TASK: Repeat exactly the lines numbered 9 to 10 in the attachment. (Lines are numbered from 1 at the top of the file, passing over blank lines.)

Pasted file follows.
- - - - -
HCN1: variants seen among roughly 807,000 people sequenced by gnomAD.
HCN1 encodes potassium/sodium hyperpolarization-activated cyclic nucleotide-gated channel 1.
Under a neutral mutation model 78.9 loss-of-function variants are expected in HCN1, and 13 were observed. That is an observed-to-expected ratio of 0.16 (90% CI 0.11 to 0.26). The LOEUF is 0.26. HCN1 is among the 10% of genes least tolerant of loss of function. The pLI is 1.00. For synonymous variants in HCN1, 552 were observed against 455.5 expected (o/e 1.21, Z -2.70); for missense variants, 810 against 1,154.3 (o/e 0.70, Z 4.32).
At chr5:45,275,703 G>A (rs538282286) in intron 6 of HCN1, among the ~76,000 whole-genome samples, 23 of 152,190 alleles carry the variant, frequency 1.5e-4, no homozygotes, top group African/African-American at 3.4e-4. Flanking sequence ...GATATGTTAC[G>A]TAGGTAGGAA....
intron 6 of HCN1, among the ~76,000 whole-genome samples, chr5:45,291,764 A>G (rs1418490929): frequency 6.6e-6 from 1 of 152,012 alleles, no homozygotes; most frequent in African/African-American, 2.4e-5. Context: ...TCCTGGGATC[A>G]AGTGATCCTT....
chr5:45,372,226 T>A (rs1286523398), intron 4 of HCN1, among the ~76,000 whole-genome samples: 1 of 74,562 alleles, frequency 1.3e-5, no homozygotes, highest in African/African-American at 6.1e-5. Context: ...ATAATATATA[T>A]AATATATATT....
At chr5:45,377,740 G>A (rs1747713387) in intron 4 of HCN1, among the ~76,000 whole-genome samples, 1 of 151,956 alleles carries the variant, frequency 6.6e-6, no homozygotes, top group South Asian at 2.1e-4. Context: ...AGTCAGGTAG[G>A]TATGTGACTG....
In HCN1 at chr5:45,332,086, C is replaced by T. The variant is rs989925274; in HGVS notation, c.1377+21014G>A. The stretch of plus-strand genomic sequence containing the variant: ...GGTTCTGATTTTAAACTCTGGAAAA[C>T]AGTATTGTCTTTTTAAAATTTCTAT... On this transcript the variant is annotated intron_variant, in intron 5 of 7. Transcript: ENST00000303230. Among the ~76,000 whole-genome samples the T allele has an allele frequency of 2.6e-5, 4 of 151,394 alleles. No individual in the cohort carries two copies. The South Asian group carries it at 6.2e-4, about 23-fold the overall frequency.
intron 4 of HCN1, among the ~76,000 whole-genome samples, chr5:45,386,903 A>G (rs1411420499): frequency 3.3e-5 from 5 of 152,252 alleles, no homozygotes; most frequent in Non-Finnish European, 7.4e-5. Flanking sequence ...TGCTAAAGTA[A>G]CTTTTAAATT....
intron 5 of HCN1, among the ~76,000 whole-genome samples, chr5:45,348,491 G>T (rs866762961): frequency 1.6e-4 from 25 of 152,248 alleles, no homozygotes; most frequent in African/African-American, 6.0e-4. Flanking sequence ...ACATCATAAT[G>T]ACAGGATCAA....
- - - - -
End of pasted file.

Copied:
intron 4 of HCN1, among the ~76,000 whole-genome samples, chr5:45,386,903 A>G (rs1411420499): frequency 3.3e-5 from 5 of 152,252 alleles, no homozygotes; most frequent in Non-Finnish European, 7.4e-5. Flanking sequence ...TGCTAAAGTA[A>G]CTTTTAAATT....
intron 5 of HCN1, among the ~76,000 whole-genome samples, chr5:45,348,491 G>T (rs866762961): frequency 1.6e-4 from 25 of 152,248 alleles, no homozygotes; most frequent in African/African-American, 6.0e-4. Flanking sequence ...ACATCATAAT[G>T]ACAGGATCAA....